This section describes efficacy outcomes from the published literature that the Committee considered as part of the evidence about this procedure. For more detailed information on the evidence, see the interventional procedure overview.
4.1 In a case series of 30 patients treated by drug-eluting bioresorbable stents, device success (defined as 'successful stent delivery and deployment at the intended target lesion with attainment of a final residual stenosis of less than 50%') was reported in 94% of patients (29/31 attempts). The bioresorbable stent dislodged (needing bailout stenting) in 2 patients. Procedure success (defined as 'clinical device success with any adjunctive device without the occurrence of major adverse cardiac events [MACE] related to ischaemia up to 7 days after the index procedure') was reported in 100%.
4.2 In a case series of 50 patients treated by non-drug eluting bioresorbable stents, survival rates free of all-cause death, cardiac death and MACE at 10 years were 87%, 98% and 50% respectively. Cumulative rates of MACE (defined in this series as including both cardiac and non-cardiac death) during the 10-year follow-up period were 4% (2/50) scaffold thrombosis (1 sub-acute and 1 very late at 10 years), 14% (7/50) deaths (1 cardiac death, 6 non-cardiac deaths), 8% (4/50) myocardial infarctions, and 38% (21/50) target vessel revascularisations.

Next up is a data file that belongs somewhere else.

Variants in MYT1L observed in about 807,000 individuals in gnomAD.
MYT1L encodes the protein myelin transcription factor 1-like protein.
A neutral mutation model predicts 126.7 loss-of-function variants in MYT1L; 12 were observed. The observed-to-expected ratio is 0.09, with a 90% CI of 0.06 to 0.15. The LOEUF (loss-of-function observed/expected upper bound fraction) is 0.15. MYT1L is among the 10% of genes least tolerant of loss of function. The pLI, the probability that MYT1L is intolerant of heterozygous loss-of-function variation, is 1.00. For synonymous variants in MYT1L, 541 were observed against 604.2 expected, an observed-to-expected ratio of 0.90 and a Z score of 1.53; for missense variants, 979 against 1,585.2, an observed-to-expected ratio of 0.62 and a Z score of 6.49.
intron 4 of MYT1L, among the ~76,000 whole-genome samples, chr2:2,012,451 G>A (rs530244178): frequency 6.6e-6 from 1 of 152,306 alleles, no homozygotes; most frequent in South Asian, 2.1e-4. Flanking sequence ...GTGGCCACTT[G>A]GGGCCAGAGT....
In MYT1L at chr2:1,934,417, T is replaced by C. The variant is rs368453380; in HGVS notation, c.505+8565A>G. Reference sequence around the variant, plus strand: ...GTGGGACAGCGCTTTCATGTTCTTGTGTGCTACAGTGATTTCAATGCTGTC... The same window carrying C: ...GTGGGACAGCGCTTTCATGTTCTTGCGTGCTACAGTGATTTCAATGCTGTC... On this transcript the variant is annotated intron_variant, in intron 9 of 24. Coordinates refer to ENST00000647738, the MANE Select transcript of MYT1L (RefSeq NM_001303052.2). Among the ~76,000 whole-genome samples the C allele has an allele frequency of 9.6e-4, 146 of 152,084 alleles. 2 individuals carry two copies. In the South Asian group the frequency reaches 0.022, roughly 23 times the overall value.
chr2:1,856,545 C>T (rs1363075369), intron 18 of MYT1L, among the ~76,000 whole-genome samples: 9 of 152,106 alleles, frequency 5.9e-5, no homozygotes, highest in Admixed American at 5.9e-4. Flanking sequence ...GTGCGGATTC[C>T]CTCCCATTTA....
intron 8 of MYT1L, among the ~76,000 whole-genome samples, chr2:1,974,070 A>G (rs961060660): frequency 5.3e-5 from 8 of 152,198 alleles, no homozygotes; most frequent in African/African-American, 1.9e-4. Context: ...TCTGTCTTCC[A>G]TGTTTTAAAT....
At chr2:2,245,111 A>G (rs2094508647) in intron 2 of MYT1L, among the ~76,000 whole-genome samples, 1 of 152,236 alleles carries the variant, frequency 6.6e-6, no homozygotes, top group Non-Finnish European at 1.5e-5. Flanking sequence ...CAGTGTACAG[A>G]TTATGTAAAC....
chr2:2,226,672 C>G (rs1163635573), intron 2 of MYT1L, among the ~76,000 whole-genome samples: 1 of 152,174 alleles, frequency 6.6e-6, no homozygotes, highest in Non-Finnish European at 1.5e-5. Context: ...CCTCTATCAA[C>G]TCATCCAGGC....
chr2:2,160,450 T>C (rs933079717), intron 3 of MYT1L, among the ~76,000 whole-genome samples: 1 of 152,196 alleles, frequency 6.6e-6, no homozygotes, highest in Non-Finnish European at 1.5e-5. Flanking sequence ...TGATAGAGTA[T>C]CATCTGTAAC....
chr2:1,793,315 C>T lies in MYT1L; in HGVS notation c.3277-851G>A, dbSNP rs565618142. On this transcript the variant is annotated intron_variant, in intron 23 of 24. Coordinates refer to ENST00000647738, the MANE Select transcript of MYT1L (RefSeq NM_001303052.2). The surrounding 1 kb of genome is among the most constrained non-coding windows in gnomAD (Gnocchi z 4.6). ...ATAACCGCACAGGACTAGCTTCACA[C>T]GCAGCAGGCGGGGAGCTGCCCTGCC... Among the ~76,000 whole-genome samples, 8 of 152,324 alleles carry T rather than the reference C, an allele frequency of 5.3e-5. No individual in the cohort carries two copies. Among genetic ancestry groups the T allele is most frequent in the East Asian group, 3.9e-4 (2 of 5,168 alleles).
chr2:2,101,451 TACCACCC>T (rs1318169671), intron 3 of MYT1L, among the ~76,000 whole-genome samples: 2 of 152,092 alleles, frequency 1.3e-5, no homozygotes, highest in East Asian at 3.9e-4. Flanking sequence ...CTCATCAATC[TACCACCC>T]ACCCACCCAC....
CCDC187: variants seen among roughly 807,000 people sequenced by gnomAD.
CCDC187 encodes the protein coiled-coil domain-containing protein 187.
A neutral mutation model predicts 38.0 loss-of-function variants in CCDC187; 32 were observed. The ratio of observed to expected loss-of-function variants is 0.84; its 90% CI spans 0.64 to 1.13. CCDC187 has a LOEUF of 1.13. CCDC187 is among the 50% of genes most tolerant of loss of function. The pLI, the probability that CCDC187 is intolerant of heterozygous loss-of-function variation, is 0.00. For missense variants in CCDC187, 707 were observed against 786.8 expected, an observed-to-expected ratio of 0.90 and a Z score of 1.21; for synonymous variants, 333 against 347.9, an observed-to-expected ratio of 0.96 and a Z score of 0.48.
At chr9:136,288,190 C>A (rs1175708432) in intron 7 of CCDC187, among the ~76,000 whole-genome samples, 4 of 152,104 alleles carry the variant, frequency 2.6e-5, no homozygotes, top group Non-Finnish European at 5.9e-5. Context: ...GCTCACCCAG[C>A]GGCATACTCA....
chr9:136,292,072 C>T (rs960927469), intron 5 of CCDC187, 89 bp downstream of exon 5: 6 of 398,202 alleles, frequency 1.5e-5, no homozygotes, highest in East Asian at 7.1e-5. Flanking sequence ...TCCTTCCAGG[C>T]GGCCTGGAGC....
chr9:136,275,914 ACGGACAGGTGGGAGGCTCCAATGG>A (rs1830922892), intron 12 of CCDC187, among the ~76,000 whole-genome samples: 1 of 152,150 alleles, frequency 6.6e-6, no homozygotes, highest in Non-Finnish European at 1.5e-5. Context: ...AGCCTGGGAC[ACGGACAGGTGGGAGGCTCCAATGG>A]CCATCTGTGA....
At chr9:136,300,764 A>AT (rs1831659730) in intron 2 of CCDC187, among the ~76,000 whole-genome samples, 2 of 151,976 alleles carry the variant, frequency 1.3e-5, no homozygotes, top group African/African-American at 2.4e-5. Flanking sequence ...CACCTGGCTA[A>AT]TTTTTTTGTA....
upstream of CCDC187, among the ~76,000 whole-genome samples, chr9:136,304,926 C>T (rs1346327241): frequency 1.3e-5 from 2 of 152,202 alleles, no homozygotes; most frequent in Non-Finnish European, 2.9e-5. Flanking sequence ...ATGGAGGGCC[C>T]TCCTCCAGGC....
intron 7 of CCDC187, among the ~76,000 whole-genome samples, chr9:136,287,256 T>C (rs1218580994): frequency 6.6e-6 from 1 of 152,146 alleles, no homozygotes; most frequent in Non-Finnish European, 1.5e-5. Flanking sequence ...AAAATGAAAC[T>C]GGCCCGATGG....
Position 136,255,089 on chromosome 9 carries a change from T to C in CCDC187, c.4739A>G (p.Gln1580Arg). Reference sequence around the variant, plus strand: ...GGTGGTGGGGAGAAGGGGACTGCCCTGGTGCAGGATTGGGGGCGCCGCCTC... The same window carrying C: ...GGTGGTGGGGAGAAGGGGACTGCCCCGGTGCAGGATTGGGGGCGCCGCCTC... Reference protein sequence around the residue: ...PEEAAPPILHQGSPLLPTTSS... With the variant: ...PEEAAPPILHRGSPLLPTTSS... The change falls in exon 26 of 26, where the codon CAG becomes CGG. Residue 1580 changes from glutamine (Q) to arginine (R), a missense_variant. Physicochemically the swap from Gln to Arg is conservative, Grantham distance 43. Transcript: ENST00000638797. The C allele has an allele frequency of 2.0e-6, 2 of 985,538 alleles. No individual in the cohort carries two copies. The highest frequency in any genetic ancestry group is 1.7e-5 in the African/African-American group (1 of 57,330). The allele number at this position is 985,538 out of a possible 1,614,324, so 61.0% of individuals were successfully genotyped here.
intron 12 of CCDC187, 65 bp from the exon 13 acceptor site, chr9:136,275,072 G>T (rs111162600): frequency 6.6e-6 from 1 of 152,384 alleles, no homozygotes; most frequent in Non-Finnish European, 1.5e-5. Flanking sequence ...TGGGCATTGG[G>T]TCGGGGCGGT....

4.3 In a case series of 63 patients treated with drug-eluting bioresorbable stents, MACE (defined as cardiac death, Q wave myocardial infarction and need for revascularisation of the target lesion) were reported in 24% (15/63) of patients at 4 months follow-up. The overall MACE rate was 27% (16/60) at 12 months follow-up and these were all target lesion revascularisations. There were no deaths or myocardial infarctions.
4.4 A comparative case series of 253 patients (150 treated with drug-eluting bioresorbable stents and 103 treated with drug-eluting stents) reported that in-hospital, 30-day and 6-month cumulative MACE rates were similar between both groups (all p>0.5), with most complications occurring during the first 10 days.
4.5 In the case series of 30 patients, 52% (15/29) of patients were on dual antiplatelet therapy at 1 year. At 5 years clopidogrel had been discontinued in all but 1 patient.
4.6 The specialist advisers listed key efficacy outcomes as successful deployment of the device, a reduced need for dual antiplatelet therapy (leading to a reduced risk of bleeding complications), rates of stent thrombosis and target vessel revascularisation 'at intervals' greater than 12 months.